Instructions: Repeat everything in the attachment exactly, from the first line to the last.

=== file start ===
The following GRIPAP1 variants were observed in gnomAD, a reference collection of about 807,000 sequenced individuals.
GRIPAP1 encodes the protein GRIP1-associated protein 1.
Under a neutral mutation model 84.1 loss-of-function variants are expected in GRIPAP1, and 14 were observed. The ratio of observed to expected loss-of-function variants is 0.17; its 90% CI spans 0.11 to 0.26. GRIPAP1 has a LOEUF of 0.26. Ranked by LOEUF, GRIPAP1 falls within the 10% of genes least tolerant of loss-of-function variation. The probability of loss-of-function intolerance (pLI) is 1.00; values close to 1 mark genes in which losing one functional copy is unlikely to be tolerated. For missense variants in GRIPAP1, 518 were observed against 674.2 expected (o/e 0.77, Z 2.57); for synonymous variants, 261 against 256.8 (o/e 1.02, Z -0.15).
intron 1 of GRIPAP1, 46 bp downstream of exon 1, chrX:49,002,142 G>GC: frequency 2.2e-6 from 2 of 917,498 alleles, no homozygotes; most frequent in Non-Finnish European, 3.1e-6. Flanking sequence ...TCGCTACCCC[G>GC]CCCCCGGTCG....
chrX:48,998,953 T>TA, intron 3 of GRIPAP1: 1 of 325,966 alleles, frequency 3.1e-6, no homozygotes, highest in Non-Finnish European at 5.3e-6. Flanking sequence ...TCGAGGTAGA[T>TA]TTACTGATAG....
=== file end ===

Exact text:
The following GRIPAP1 variants were observed in gnomAD, a reference collection of about 807,000 sequenced individuals.
GRIPAP1 encodes the protein GRIP1-associated protein 1.
Under a neutral mutation model 84.1 loss-of-function variants are expected in GRIPAP1, and 14 were observed. The ratio of observed to expected loss-of-function variants is 0.17; its 90% CI spans 0.11 to 0.26. GRIPAP1 has a LOEUF of 0.26. Ranked by LOEUF, GRIPAP1 falls within the 10% of genes least tolerant of loss-of-function variation. The probability of loss-of-function intolerance (pLI) is 1.00; values close to 1 mark genes in which losing one functional copy is unlikely to be tolerated. For missense variants in GRIPAP1, 518 were observed against 674.2 expected (o/e 0.77, Z 2.57); for synonymous variants, 261 against 256.8 (o/e 1.02, Z -0.15).
intron 1 of GRIPAP1, 46 bp downstream of exon 1, chrX:49,002,142 G>GC: frequency 2.2e-6 from 2 of 917,498 alleles, no homozygotes; most frequent in Non-Finnish European, 3.1e-6. Flanking sequence ...TCGCTACCCC[G>GC]CCCCCGGTCG....
chrX:48,998,953 T>TA, intron 3 of GRIPAP1: 1 of 325,966 alleles, frequency 3.1e-6, no homozygotes, highest in Non-Finnish European at 5.3e-6. Flanking sequence ...TCGAGGTAGA[T>TA]TTACTGATAG....